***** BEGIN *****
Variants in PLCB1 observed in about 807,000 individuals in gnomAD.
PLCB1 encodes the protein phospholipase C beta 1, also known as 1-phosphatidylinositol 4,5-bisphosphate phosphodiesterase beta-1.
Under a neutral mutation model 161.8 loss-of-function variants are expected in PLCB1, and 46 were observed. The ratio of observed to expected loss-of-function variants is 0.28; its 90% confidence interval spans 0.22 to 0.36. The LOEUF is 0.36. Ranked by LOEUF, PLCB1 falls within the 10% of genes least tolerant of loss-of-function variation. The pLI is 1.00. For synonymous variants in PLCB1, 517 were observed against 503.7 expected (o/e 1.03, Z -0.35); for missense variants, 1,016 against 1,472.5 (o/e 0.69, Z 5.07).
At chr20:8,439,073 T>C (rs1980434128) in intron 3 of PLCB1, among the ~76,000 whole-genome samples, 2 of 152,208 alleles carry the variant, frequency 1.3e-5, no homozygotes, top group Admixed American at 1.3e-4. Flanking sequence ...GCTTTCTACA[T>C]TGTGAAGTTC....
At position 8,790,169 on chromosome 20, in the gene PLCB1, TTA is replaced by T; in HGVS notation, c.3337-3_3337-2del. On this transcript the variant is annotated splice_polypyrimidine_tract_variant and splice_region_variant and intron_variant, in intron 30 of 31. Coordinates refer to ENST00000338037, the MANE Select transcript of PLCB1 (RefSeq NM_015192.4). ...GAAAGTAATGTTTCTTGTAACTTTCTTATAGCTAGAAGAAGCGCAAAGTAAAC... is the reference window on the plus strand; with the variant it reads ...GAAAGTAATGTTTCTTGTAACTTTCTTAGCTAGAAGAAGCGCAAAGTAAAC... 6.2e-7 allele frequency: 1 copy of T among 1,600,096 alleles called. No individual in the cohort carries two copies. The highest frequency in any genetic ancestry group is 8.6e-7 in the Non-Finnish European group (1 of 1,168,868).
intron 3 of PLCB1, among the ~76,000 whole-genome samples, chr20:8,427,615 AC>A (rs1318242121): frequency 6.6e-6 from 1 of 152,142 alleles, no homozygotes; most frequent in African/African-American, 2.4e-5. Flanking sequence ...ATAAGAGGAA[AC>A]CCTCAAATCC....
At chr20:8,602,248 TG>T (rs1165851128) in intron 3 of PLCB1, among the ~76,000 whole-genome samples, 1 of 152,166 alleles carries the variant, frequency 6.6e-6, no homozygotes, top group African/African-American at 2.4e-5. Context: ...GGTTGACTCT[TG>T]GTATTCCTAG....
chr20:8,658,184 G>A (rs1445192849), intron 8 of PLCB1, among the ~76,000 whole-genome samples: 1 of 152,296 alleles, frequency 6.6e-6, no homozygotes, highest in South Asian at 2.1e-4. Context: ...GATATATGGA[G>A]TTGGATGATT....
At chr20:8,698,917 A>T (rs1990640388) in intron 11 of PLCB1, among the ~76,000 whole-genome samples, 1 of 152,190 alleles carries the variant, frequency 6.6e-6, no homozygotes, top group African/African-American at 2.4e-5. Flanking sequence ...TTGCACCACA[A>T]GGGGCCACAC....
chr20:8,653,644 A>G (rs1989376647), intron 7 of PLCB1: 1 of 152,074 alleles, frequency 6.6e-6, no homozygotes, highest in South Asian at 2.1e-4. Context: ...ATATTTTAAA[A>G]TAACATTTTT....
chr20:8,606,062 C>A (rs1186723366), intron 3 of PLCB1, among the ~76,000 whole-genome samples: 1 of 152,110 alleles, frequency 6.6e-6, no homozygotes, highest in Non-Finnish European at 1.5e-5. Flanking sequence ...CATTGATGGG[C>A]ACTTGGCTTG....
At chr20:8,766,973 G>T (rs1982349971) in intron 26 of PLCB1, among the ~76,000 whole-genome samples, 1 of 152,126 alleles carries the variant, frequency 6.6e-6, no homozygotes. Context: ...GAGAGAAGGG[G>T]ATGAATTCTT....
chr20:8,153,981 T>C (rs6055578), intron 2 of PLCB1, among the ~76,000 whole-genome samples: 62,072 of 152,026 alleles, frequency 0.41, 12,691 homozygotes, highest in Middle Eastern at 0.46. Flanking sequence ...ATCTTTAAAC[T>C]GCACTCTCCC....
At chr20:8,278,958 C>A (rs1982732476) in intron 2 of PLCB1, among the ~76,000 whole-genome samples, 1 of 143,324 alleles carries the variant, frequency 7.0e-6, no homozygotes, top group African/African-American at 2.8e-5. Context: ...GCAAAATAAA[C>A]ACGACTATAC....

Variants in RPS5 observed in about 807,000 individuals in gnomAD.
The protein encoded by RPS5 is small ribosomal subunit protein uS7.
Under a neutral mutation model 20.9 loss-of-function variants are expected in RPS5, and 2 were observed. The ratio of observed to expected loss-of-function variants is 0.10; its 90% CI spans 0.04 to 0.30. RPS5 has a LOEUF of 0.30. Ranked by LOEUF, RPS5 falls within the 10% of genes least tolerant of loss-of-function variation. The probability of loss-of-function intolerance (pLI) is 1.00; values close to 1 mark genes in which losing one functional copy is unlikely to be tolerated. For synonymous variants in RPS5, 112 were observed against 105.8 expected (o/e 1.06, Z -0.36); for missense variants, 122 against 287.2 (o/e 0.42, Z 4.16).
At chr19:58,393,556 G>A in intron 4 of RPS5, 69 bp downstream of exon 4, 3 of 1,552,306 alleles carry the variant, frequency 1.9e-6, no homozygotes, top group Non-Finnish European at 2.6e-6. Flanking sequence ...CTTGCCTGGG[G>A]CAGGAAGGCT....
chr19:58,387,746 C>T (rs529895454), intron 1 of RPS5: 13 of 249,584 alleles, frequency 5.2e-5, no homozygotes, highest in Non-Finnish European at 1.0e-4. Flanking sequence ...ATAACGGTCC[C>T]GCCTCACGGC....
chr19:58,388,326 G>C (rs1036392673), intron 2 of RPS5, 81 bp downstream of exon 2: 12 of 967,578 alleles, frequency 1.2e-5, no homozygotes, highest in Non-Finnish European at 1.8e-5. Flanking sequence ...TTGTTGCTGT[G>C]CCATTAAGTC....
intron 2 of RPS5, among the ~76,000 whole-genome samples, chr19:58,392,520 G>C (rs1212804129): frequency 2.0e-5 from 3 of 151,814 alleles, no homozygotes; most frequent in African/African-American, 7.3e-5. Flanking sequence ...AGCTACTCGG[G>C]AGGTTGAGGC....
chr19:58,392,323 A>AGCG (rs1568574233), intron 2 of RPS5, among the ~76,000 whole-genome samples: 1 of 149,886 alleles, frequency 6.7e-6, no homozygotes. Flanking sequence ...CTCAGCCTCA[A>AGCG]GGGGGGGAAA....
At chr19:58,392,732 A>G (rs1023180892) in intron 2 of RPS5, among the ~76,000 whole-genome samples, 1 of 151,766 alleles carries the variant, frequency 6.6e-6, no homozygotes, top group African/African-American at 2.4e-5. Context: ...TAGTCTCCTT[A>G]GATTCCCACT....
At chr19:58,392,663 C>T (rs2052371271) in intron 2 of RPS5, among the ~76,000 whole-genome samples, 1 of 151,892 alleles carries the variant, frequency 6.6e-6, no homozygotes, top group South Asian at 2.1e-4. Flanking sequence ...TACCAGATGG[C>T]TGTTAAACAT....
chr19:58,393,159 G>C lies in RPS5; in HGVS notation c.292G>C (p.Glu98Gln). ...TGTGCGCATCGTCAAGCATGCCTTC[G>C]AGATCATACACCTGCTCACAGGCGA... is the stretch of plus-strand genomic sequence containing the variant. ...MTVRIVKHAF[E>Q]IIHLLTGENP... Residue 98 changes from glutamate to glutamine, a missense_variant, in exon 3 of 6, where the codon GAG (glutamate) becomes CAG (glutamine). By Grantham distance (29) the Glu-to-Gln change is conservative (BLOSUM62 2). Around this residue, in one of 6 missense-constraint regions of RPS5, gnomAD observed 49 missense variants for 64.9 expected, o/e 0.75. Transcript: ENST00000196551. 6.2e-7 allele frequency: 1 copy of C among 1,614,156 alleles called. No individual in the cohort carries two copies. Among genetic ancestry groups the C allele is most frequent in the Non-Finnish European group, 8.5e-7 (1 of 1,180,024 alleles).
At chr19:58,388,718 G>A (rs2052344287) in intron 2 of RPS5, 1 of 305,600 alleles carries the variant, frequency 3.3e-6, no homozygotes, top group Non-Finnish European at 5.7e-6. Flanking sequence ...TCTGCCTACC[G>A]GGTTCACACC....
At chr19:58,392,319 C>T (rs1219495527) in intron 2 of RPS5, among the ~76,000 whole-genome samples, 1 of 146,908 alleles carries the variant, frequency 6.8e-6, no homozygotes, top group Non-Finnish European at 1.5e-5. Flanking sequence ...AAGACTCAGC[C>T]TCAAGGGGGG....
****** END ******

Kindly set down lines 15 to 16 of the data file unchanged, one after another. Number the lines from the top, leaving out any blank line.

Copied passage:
Variants in RPS5 observed in about 807,000 individuals in gnomAD.
The protein encoded by RPS5 is small ribosomal subunit protein uS7.